By Mike Kowalsky

What’s in your emergency repair kit? This one has a flashlight, multi-tool, duct tape, pipe tape, foil-backed butyl rubber tape, electrical tape, lights, marine goop sealant, five-minute epoxy, marine epoxy putty, epoxy resin, brushes, fiberglass fabric, sandpaper, nitrile gloves, patches, and spare cord, among other things.
Oh no! …Crunch. Ever wonder what you would do if a badly timed pour-over ended with a loud crunch and a slowly sinking boat, or you got slammed into the rocks after surfing a dream wave in just a little too close to shore? If your boat gets damaged and you are miles from the put-in or the nearest coastal access road, you may need to do an emergency repair—either that or call the Coast Guard! If you are lucky enough to have a landing spot nearby, you can do a temporary fix on dry land; otherwise, you may need to do an on-water repair. In either case, hopefully you have a suitable repair kit on hand, and you know how to use it.

So, what should go into your emergency repair kit? It depends on a variety of things, like the kind of paddling you will do, whether the boats in your group are composite or plastic, and not to mention, whether you are worried about wasting precious storage space and adding unnecessary weight.

To help you choose wisely, here are some questions to ask when assembling your repair kit for the next trip:

  1. What situations might I find myself in that could lead to boat damage? Whether touring in flat water near sandy beaches, or rock gardening in dynamic conditions, it is always good to be prepared, but some activities are more likely to lead to significant boat damage—and more-substantial repairs—than others.
  2. Where should I store my repair kit? If you intend to do a long crossing rather than stay close to shore, be prepared for an on-water repair with a readily accessible repair kit. Some people carry a small kit within reach for basic repairs, and a bigger, more complete kit stowed elsewhere in the boat.
  3. How far from civilization will I be? On an extended trip, a long-lasting repair might make more sense than a quick fix. For example, for a big crack in a fiberglass hull, a durable repair with fiberglass and epoxy may be warranted, rather than simply applying pipe tape or epoxy putty.
  4. Will this goop work in cold temperatures and how long until I can get back on the water? All resins and adhesives have their strengths and weaknesses. Epoxy provides an extremely strong bond but takes a while to cure, or may not cure if it is too cold, depending on the resin and hardener. Other resins, like Vinylester, need very warm temperatures to cure. Epoxy putty cures in less than an hour but is best for sealing small holes or cracks rather than, for example, applying new layers of fiberglass over a heavily damaged region. Butyl rubber tape or pipe tape provides an immediate, though short-term fix.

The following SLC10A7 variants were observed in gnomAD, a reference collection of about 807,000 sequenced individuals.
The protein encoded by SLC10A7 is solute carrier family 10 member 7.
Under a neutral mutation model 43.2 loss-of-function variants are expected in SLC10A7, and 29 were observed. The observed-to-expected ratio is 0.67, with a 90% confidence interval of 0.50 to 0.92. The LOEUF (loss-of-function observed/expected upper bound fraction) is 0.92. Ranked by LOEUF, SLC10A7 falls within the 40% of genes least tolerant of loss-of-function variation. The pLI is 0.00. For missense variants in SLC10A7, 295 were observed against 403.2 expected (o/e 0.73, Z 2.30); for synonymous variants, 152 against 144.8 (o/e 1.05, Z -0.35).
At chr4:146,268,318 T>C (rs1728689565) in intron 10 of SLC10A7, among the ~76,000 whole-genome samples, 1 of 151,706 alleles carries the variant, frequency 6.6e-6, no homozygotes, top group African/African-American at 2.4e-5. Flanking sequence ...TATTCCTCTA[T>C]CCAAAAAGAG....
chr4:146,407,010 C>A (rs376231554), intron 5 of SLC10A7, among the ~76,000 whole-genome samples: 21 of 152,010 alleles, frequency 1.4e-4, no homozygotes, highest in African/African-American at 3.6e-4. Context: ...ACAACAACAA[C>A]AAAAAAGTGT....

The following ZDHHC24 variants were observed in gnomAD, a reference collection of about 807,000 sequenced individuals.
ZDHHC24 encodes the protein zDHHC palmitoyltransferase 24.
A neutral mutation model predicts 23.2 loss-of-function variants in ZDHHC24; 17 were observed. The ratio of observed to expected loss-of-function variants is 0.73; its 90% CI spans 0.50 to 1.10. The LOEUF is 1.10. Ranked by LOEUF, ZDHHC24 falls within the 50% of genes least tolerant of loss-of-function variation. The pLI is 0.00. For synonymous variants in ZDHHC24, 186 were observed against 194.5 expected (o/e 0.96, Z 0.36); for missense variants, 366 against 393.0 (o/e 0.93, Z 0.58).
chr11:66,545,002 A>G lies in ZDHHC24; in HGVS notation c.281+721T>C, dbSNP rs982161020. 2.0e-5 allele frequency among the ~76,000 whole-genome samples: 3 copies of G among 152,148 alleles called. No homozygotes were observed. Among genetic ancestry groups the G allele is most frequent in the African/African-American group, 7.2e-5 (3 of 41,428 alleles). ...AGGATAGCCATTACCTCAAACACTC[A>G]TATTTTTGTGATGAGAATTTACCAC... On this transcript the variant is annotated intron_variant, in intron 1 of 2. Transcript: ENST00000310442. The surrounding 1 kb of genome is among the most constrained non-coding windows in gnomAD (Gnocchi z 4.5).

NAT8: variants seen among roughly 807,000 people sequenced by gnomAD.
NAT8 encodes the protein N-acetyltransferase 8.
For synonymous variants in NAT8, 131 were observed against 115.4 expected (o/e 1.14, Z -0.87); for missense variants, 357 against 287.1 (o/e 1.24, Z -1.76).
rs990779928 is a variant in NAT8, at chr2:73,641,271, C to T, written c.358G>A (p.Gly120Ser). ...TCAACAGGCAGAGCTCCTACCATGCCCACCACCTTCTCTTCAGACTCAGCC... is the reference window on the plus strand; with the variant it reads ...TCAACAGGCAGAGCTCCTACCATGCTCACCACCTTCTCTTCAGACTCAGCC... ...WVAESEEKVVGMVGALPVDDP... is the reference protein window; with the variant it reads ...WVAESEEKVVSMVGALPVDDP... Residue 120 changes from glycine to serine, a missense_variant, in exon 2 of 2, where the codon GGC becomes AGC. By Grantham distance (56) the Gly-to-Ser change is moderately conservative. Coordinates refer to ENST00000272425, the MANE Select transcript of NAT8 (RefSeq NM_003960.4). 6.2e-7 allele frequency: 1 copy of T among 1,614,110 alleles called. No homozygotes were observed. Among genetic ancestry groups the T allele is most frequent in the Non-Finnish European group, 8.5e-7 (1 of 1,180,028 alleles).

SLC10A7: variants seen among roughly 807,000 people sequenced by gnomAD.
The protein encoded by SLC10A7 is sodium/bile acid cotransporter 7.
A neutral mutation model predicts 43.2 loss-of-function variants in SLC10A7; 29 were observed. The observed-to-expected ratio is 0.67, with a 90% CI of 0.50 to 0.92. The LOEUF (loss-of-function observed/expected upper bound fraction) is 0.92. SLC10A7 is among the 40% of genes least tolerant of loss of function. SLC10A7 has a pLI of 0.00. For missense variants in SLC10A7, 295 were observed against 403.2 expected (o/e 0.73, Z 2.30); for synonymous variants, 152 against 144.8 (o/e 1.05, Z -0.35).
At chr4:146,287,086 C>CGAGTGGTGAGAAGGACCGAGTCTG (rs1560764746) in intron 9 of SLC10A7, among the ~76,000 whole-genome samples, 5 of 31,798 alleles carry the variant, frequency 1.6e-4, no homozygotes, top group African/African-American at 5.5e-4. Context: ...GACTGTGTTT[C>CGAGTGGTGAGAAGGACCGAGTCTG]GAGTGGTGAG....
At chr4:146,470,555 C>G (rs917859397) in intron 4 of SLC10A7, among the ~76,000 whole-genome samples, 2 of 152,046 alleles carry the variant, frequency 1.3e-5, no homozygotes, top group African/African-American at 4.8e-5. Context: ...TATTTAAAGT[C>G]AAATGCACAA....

5. Can the repair area be wet? Most repairs work best on dry surfaces. Furthermore, resins and adhesives stick best to surfaces that have been lightly sanded and cleaned. So pack some sandpaper. Epoxy putty can be applied to wet surfaces, like to fill in a gouge in the hull, and will even cure underwater while you keep paddling. The sealant Lexel also bonds to wet surfaces.
  6. Will the stuff I have for composite boats work on plastic boats? One of the things we love about plastic (polyethylene) boats is that they can take a beating. Repairing them can be more challenging or at least requires different methods than for composite boats. Without access to a heat source for plastic welding, emergency-repair options for plastic boats are limited. Pipe tape and butyl tape should stick, but most epoxy compounds will not.
  7. Does anything in my kit need to be replaced periodically? Resins and adhesives have a finite lifespan, which is shortened when they are stored in hot places, like in a car or boat hatch. Some products, like butyl tape, dry out with time but last longer in an airtight bag.
  8. What safety precautions are needed? When you are stranded with a busted boat, safety precautions for your repair may not be the first thing on your mind. Nevertheless, products in your repair kit can be toxic—some even causing blindness if splashed in the eyes—so it is important to be informed of the hazards and avoid exposure to skin, lungs, and eyes, and use protective gear. Also take care not to cut yourself when working around sharp material, like broken fiberglass or gelcoat.
  9. What else might need repair? Think about what other equipment might break or require adjustment on your journey, and bring what you need, be it an Allen wrench for your skeg control, a screwdriver for your foot-peg assembly, a patch for a torn drysuit, or a stowable replacement hatch cover.
  10. How do I use this stuff? It is important to know what is in your repair kit, and how to use it. The worst time to find out something does not work like you thought it would is when you actually need it. It is worth experimenting on your own or even taking a boat repair class!
Boat repair class at Paddle Golden Gate 2016, where students assessed damage on a boat and experimented with different repair materials on wet and dry surfaces.